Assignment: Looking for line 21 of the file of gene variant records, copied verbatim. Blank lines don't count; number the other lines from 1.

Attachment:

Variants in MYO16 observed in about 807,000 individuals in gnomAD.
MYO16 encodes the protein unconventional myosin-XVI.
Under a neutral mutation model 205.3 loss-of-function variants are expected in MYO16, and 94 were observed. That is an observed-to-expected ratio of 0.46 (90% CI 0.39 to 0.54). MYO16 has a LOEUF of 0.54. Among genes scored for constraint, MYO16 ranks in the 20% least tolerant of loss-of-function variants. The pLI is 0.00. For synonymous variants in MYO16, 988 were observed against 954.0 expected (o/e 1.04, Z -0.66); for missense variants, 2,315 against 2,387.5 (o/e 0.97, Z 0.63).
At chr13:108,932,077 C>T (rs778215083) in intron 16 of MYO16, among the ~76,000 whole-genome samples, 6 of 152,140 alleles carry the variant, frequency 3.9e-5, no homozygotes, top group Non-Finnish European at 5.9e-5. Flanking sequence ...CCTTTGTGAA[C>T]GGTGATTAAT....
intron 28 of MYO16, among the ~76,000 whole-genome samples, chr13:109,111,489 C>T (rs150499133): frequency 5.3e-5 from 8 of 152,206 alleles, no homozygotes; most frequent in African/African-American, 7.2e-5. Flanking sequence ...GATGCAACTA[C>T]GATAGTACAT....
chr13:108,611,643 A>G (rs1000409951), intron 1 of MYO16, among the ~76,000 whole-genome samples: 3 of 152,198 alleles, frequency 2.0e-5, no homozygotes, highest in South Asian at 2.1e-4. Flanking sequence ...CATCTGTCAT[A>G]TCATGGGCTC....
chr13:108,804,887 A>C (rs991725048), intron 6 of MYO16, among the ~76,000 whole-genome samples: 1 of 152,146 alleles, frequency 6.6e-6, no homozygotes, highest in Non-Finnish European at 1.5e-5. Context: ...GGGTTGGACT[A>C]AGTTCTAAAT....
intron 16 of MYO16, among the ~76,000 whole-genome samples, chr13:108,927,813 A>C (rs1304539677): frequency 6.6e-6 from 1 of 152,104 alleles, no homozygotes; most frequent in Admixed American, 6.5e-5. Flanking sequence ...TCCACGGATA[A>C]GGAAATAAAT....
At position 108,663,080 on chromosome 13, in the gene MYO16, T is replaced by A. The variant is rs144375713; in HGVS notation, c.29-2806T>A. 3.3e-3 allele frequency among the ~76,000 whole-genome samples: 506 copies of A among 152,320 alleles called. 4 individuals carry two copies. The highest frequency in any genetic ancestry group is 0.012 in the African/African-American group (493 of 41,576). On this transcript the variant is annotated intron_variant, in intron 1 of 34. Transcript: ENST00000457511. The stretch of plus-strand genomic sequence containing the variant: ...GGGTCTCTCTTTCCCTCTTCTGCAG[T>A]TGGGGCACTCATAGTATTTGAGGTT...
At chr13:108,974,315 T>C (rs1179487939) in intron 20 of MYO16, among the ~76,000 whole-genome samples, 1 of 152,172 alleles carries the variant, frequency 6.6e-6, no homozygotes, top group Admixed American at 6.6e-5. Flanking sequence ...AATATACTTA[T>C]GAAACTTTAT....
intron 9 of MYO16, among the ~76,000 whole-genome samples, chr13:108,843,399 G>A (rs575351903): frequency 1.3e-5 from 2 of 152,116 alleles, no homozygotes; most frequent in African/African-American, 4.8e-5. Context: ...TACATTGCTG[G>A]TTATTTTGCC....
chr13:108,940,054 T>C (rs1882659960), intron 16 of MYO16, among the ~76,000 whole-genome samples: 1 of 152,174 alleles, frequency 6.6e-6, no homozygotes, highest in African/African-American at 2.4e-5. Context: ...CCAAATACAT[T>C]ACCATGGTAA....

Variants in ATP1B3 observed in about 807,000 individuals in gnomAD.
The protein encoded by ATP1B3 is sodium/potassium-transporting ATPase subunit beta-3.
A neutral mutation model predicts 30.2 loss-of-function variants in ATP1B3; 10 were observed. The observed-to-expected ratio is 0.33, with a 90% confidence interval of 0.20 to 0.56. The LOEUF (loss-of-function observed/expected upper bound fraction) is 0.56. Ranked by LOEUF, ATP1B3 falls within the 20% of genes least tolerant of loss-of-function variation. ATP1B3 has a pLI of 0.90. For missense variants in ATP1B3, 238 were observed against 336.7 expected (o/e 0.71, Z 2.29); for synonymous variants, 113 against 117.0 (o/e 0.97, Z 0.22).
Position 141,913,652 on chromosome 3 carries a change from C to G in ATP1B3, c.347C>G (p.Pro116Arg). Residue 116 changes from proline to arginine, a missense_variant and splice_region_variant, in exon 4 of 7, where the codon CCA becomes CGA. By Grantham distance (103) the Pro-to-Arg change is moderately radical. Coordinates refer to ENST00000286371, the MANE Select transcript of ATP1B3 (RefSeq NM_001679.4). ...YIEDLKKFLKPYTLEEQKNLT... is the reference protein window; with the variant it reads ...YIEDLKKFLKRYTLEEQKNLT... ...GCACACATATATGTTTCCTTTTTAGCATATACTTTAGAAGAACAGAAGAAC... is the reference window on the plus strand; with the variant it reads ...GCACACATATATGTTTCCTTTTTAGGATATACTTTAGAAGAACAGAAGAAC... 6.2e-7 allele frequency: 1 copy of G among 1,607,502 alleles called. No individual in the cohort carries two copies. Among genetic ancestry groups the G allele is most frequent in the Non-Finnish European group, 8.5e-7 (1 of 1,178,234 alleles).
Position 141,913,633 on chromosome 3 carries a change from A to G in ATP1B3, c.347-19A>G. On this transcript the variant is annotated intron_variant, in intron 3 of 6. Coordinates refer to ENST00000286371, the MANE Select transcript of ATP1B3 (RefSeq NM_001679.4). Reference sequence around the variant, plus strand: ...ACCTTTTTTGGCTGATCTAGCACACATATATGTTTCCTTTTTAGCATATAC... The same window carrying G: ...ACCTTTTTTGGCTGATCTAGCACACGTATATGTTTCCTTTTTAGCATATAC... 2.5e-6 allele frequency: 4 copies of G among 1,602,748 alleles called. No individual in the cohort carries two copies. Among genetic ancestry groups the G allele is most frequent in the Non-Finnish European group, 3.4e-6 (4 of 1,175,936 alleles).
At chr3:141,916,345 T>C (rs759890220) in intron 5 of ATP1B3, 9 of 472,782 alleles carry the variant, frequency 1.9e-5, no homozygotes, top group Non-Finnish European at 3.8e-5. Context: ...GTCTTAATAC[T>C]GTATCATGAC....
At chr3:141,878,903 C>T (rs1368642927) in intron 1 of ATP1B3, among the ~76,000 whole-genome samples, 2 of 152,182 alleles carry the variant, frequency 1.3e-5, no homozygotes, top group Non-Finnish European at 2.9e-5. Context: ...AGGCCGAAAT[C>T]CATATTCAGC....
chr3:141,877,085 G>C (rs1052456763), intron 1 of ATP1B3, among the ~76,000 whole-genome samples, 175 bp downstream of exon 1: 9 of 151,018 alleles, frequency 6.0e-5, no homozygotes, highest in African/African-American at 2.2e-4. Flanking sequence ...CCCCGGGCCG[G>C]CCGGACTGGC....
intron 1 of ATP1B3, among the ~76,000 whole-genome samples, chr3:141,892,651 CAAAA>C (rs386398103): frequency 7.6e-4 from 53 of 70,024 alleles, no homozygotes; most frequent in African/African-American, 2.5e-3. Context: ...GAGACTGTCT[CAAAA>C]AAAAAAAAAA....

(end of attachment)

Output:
intron 1 of ATP1B3, among the ~76,000 whole-genome samples, chr3:141,892,651 CAAAA>C (rs386398103): frequency 7.6e-4 from 53 of 70,024 alleles, no homozygotes; most frequent in African/African-American, 2.5e-3. Context: ...GAGACTGTCT[CAAAA>C]AAAAAAAAAA....